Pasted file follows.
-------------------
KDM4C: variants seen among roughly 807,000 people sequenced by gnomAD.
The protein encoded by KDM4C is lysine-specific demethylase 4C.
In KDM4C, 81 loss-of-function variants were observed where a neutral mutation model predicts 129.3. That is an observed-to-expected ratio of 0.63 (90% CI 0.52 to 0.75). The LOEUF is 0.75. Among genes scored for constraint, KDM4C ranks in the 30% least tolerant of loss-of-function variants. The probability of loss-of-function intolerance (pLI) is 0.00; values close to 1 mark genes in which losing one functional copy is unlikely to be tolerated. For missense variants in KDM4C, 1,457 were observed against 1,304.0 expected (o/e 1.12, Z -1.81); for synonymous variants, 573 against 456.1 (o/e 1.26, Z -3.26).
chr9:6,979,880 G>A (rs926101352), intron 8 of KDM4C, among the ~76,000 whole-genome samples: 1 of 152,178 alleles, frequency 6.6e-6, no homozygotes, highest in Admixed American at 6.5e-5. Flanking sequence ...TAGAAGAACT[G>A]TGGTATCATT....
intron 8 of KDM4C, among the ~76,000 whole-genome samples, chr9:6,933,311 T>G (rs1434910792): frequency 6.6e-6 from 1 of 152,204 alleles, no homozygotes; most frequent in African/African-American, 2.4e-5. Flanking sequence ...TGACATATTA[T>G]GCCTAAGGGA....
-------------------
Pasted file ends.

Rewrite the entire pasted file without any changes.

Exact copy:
KDM4C: variants seen among roughly 807,000 people sequenced by gnomAD.
The protein encoded by KDM4C is lysine-specific demethylase 4C.
In KDM4C, 81 loss-of-function variants were observed where a neutral mutation model predicts 129.3. That is an observed-to-expected ratio of 0.63 (90% CI 0.52 to 0.75). The LOEUF is 0.75. Among genes scored for constraint, KDM4C ranks in the 30% least tolerant of loss-of-function variants. The probability of loss-of-function intolerance (pLI) is 0.00; values close to 1 mark genes in which losing one functional copy is unlikely to be tolerated. For missense variants in KDM4C, 1,457 were observed against 1,304.0 expected (o/e 1.12, Z -1.81); for synonymous variants, 573 against 456.1 (o/e 1.26, Z -3.26).
chr9:6,979,880 G>A (rs926101352), intron 8 of KDM4C, among the ~76,000 whole-genome samples: 1 of 152,178 alleles, frequency 6.6e-6, no homozygotes, highest in Admixed American at 6.5e-5. Flanking sequence ...TAGAAGAACT[G>A]TGGTATCATT....
intron 8 of KDM4C, among the ~76,000 whole-genome samples, chr9:6,933,311 T>G (rs1434910792): frequency 6.6e-6 from 1 of 152,204 alleles, no homozygotes; most frequent in African/African-American, 2.4e-5. Flanking sequence ...TGACATATTA[T>G]GCCTAAGGGA....